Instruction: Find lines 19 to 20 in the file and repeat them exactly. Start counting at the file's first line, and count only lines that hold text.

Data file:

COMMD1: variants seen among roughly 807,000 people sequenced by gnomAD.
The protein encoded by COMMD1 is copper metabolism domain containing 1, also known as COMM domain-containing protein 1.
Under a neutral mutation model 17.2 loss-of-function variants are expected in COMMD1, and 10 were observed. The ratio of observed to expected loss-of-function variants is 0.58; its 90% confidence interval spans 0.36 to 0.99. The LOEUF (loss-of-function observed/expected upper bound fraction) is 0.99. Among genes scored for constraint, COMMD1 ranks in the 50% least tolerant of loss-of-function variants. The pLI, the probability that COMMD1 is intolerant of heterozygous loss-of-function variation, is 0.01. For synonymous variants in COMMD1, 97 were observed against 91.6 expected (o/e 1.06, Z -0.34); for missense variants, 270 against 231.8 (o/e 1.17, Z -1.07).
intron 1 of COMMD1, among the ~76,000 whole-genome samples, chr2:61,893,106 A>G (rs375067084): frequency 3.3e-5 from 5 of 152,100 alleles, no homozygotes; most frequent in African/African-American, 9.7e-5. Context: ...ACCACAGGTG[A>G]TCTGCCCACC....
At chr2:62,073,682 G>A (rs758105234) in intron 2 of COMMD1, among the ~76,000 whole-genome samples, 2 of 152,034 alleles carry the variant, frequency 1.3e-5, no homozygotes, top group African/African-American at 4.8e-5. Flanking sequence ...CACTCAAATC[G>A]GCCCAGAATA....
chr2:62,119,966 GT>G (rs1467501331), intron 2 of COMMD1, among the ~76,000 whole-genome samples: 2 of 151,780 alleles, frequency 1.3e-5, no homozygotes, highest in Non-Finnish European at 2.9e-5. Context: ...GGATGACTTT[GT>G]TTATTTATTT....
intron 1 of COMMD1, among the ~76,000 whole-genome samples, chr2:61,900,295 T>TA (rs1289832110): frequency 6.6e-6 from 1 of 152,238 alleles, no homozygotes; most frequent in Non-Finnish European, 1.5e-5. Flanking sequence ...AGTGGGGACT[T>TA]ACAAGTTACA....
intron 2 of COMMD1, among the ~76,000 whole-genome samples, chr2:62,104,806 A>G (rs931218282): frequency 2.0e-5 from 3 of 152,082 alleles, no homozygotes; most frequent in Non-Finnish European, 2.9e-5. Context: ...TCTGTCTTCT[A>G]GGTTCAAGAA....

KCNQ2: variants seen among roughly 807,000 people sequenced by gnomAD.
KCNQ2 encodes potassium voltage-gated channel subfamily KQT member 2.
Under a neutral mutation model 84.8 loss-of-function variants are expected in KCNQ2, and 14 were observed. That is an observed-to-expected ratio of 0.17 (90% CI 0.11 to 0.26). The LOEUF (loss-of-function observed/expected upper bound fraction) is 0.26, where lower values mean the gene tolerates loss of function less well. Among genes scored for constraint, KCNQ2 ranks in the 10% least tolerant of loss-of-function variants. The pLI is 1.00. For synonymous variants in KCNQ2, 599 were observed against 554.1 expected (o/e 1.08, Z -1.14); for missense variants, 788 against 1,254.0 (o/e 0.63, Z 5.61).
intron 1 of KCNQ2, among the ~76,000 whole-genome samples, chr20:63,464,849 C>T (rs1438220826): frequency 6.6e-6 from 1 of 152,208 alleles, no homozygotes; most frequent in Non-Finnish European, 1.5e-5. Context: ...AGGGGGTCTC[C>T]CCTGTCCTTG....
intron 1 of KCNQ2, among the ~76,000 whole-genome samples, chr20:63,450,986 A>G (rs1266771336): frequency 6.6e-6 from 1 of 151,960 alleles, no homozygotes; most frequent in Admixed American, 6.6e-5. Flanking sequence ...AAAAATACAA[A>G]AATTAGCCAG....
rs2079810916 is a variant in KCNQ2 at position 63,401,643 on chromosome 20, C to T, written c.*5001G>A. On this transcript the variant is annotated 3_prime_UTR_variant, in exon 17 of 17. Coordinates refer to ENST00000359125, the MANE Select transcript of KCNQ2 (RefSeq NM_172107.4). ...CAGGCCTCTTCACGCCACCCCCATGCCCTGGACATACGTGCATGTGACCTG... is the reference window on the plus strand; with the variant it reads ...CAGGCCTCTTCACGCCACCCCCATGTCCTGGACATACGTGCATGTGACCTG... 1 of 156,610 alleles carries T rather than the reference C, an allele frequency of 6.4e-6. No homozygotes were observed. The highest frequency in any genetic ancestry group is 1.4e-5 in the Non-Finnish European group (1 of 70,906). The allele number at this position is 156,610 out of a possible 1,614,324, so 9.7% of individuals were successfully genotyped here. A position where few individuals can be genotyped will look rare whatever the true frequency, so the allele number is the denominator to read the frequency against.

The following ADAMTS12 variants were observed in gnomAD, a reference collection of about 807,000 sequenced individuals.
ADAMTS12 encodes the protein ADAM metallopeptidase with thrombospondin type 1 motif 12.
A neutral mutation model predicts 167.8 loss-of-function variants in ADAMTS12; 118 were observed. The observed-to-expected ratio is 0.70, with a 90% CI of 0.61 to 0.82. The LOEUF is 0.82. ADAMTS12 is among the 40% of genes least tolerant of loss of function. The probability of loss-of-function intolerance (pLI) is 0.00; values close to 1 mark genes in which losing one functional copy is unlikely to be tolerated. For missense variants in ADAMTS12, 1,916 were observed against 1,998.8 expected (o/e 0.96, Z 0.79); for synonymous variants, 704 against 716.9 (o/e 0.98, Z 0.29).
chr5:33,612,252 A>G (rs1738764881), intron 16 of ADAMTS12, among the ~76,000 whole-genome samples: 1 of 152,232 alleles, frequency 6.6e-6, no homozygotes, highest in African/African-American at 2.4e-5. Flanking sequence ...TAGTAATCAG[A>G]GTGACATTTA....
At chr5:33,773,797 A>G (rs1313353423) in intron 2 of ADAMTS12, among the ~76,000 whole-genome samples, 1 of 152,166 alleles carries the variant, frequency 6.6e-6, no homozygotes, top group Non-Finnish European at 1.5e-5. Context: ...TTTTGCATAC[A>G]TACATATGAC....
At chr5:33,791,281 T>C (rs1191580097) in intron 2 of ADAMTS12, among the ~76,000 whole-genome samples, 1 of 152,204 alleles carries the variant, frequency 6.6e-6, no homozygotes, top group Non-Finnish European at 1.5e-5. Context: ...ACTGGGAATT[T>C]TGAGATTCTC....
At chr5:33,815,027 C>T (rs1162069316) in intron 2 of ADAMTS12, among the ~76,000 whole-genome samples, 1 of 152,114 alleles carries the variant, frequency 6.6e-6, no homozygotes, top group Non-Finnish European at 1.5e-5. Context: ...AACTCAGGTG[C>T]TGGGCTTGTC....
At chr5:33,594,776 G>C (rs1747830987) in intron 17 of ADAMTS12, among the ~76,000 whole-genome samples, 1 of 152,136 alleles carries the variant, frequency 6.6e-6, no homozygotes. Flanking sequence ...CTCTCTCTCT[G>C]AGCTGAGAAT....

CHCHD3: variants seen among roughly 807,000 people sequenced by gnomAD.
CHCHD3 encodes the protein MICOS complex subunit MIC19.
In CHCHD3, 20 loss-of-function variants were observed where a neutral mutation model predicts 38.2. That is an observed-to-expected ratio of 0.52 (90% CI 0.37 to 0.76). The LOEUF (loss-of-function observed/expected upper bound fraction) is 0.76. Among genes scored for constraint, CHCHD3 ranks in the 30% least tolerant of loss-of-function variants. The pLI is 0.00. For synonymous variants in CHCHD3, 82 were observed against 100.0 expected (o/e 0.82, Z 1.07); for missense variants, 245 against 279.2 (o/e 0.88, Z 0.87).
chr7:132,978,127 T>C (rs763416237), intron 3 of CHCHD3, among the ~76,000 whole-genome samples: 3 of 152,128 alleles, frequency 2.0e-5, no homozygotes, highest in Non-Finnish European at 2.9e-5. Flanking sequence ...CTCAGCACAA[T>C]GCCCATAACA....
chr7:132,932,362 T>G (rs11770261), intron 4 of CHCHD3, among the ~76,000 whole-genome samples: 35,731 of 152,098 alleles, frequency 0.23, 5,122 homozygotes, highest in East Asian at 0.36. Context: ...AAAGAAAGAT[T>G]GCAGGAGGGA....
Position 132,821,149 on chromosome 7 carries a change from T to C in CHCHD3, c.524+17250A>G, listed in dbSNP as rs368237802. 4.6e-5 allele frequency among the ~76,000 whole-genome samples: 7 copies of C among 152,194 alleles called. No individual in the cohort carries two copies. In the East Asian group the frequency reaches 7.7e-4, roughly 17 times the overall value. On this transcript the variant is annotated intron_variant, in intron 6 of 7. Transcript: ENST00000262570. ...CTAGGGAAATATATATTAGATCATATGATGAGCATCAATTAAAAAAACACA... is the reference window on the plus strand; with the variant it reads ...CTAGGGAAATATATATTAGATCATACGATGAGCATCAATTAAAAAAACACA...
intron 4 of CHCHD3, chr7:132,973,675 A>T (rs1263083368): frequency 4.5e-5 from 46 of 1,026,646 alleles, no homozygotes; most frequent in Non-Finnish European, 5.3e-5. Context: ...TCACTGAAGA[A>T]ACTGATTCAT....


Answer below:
At chr5:33,773,797 A>G (rs1313353423) in intron 2 of ADAMTS12, among the ~76,000 whole-genome samples, 1 of 152,166 alleles carries the variant, frequency 6.6e-6, no homozygotes, top group Non-Finnish European at 1.5e-5. Context: ...TTTTGCATAC[A>G]TACATATGAC....
At chr5:33,791,281 T>C (rs1191580097) in intron 2 of ADAMTS12, among the ~76,000 whole-genome samples, 1 of 152,204 alleles carries the variant, frequency 6.6e-6, no homozygotes, top group Non-Finnish European at 1.5e-5. Context: ...ACTGGGAATT[T>C]TGAGATTCTC....